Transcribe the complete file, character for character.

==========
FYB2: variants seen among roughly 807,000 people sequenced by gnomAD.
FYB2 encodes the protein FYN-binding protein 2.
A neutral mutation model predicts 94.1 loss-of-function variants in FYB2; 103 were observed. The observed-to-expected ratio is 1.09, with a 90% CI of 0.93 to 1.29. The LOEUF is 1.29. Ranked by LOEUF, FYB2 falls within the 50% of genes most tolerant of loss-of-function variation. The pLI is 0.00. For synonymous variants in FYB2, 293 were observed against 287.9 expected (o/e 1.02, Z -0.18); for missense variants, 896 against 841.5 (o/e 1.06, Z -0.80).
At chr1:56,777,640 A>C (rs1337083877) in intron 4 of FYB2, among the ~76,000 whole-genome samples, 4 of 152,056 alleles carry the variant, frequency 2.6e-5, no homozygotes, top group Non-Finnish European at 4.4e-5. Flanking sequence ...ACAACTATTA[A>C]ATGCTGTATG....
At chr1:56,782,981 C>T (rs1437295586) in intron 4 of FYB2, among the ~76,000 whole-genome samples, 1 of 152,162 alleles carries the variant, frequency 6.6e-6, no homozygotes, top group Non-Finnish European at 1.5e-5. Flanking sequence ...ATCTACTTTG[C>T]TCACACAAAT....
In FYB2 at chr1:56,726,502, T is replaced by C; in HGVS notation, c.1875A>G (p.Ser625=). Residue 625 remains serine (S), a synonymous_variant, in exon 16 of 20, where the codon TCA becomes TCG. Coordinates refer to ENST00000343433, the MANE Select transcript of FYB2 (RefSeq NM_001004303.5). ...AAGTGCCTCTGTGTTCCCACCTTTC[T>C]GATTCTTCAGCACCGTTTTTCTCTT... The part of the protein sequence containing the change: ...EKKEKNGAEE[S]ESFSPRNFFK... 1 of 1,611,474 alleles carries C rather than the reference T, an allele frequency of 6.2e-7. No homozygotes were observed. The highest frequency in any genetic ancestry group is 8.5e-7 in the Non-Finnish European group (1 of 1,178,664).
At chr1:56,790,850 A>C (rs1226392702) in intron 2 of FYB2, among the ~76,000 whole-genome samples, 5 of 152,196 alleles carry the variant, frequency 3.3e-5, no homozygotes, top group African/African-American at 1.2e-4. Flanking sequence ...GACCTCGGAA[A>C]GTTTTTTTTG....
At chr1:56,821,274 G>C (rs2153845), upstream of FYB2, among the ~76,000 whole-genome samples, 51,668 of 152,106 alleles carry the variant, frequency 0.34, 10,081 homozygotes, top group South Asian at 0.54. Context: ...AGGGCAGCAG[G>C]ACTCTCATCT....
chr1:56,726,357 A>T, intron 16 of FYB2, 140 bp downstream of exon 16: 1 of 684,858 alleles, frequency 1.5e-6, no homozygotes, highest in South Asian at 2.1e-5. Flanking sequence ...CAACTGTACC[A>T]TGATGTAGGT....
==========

FYB2: variants seen among roughly 807,000 people sequenced by gnomAD.
FYB2 encodes the protein FYN-binding protein 2.
A neutral mutation model predicts 94.1 loss-of-function variants in FYB2; 103 were observed. The observed-to-expected ratio is 1.09, with a 90% CI of 0.93 to 1.29. The LOEUF is 1.29. Ranked by LOEUF, FYB2 falls within the 50% of genes most tolerant of loss-of-function variation. The pLI is 0.00. For synonymous variants in FYB2, 293 were observed against 287.9 expected (o/e 1.02, Z -0.18); for missense variants, 896 against 841.5 (o/e 1.06, Z -0.80).
At chr1:56,777,640 A>C (rs1337083877) in intron 4 of FYB2, among the ~76,000 whole-genome samples, 4 of 152,056 alleles carry the variant, frequency 2.6e-5, no homozygotes, top group Non-Finnish European at 4.4e-5. Flanking sequence ...ACAACTATTA[A>C]ATGCTGTATG....
At chr1:56,782,981 C>T (rs1437295586) in intron 4 of FYB2, among the ~76,000 whole-genome samples, 1 of 152,162 alleles carries the variant, frequency 6.6e-6, no homozygotes, top group Non-Finnish European at 1.5e-5. Flanking sequence ...ATCTACTTTG[C>T]TCACACAAAT....
In FYB2 at chr1:56,726,502, T is replaced by C; in HGVS notation, c.1875A>G (p.Ser625=). Residue 625 remains serine (S), a synonymous_variant, in exon 16 of 20, where the codon TCA becomes TCG. Coordinates refer to ENST00000343433, the MANE Select transcript of FYB2 (RefSeq NM_001004303.5). ...AAGTGCCTCTGTGTTCCCACCTTTC[T>C]GATTCTTCAGCACCGTTTTTCTCTT... The part of the protein sequence containing the change: ...EKKEKNGAEE[S]ESFSPRNFFK... 1 of 1,611,474 alleles carries C rather than the reference T, an allele frequency of 6.2e-7. No homozygotes were observed. The highest frequency in any genetic ancestry group is 8.5e-7 in the Non-Finnish European group (1 of 1,178,664).
At chr1:56,790,850 A>C (rs1226392702) in intron 2 of FYB2, among the ~76,000 whole-genome samples, 5 of 152,196 alleles carry the variant, frequency 3.3e-5, no homozygotes, top group African/African-American at 1.2e-4. Flanking sequence ...GACCTCGGAA[A>C]GTTTTTTTTG....
At chr1:56,821,274 G>C (rs2153845), upstream of FYB2, among the ~76,000 whole-genome samples, 51,668 of 152,106 alleles carry the variant, frequency 0.34, 10,081 homozygotes, top group South Asian at 0.54. Context: ...AGGGCAGCAG[G>C]ACTCTCATCT....
chr1:56,726,357 A>T, intron 16 of FYB2, 140 bp downstream of exon 16: 1 of 684,858 alleles, frequency 1.5e-6, no homozygotes, highest in South Asian at 2.1e-5. Flanking sequence ...CAACTGTACC[A>T]TGATGTAGGT....